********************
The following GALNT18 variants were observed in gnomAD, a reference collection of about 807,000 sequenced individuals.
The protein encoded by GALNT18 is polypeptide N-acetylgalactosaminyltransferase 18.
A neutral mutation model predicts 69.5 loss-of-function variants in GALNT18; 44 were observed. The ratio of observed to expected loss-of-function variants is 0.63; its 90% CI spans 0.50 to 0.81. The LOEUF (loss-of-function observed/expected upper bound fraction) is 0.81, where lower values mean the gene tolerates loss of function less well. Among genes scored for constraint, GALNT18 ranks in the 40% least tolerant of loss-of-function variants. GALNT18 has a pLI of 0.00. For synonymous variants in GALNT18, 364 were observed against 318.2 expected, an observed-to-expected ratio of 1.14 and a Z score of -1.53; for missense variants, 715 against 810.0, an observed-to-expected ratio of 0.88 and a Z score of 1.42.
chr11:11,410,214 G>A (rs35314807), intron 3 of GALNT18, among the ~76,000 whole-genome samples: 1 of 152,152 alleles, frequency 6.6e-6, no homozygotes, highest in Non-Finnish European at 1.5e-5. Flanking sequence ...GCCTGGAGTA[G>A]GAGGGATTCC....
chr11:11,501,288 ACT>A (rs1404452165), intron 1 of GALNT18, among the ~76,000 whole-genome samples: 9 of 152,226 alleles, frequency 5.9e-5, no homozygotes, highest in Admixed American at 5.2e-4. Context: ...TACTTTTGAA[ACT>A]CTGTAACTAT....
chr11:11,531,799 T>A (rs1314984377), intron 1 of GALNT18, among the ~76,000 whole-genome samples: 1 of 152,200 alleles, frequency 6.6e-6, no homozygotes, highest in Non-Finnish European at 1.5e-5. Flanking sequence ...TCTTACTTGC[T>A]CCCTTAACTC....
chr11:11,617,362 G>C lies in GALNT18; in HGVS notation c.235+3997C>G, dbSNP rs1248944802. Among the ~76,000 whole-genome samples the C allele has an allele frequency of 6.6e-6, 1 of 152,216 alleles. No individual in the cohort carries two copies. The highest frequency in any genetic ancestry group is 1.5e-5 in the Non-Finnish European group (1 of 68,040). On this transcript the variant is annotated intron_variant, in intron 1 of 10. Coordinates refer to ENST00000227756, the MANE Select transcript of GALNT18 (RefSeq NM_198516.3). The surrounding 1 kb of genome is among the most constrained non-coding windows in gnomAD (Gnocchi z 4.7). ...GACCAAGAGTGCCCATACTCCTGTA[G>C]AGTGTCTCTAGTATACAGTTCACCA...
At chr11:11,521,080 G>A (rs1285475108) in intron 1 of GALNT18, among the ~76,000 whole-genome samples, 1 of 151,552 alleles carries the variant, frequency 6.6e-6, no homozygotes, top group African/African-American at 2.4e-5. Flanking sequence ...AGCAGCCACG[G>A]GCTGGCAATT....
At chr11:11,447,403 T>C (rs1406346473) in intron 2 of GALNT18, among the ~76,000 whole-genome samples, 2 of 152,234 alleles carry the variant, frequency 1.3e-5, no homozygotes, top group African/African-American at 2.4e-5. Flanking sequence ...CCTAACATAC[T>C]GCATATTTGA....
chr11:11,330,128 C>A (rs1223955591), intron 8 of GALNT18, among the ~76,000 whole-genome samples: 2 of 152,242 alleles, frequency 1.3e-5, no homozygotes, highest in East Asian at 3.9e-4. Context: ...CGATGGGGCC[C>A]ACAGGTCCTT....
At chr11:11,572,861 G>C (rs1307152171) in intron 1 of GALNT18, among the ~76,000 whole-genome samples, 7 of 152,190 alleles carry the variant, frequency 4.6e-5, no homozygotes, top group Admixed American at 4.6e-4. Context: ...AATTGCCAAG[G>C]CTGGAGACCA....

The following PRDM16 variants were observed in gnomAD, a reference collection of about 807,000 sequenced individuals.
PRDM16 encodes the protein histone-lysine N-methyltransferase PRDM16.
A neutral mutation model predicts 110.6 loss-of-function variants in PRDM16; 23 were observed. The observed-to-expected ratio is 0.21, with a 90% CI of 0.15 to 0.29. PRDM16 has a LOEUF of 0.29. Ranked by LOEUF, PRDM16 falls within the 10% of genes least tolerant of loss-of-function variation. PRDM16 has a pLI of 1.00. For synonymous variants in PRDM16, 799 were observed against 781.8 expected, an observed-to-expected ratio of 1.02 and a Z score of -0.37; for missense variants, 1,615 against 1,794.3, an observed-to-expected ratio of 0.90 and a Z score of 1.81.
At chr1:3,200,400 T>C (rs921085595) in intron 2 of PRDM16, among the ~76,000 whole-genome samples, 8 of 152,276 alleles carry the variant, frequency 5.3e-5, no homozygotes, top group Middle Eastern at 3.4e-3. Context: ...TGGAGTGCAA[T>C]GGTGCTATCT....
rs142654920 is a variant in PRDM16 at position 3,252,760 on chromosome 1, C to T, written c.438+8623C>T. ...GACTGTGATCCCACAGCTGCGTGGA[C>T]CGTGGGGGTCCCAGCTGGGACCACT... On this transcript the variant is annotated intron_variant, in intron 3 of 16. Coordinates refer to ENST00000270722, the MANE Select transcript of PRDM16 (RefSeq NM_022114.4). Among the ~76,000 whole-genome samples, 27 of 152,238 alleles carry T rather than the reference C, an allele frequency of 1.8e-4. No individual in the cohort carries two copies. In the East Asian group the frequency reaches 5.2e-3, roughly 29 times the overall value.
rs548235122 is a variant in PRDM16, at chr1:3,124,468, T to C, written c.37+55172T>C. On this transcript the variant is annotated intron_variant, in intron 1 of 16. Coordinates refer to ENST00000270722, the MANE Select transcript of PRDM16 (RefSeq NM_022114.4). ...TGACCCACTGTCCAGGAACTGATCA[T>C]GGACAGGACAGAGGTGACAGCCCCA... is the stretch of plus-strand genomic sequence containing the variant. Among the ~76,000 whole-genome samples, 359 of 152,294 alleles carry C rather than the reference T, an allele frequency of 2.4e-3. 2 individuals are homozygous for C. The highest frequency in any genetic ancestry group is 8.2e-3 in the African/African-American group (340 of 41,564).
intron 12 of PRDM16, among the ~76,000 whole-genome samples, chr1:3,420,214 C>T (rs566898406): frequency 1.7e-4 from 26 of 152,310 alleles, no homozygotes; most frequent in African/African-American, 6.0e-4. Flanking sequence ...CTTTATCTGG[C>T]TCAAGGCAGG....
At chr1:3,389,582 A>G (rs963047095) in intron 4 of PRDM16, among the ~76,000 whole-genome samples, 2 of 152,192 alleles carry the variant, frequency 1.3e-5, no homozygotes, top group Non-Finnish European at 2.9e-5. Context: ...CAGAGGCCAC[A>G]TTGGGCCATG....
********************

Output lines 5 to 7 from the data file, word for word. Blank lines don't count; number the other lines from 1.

chr11:11,501,288 ACT>A (rs1404452165), intron 1 of GALNT18, among the ~76,000 whole-genome samples: 9 of 152,226 alleles, frequency 5.9e-5, no homozygotes, highest in Admixed American at 5.2e-4. Context: ...TACTTTTGAA[ACT>A]CTGTAACTAT....
chr11:11,531,799 T>A (rs1314984377), intron 1 of GALNT18, among the ~76,000 whole-genome samples: 1 of 152,200 alleles, frequency 6.6e-6, no homozygotes, highest in Non-Finnish European at 1.5e-5. Flanking sequence ...TCTTACTTGC[T>A]CCCTTAACTC....
chr11:11,617,362 G>C lies in GALNT18; in HGVS notation c.235+3997C>G, dbSNP rs1248944802. Among the ~76,000 whole-genome samples the C allele has an allele frequency of 6.6e-6, 1 of 152,216 alleles. No individual in the cohort carries two copies. The highest frequency in any genetic ancestry group is 1.5e-5 in the Non-Finnish European group (1 of 68,040). On this transcript the variant is annotated intron_variant, in intron 1 of 10. Coordinates refer to ENST00000227756, the MANE Select transcript of GALNT18 (RefSeq NM_198516.3). The surrounding 1 kb of genome is among the most constrained non-coding windows in gnomAD (Gnocchi z 4.7). ...GACCAAGAGTGCCCATACTCCTGTA[G>C]AGTGTCTCTAGTATACAGTTCACCA...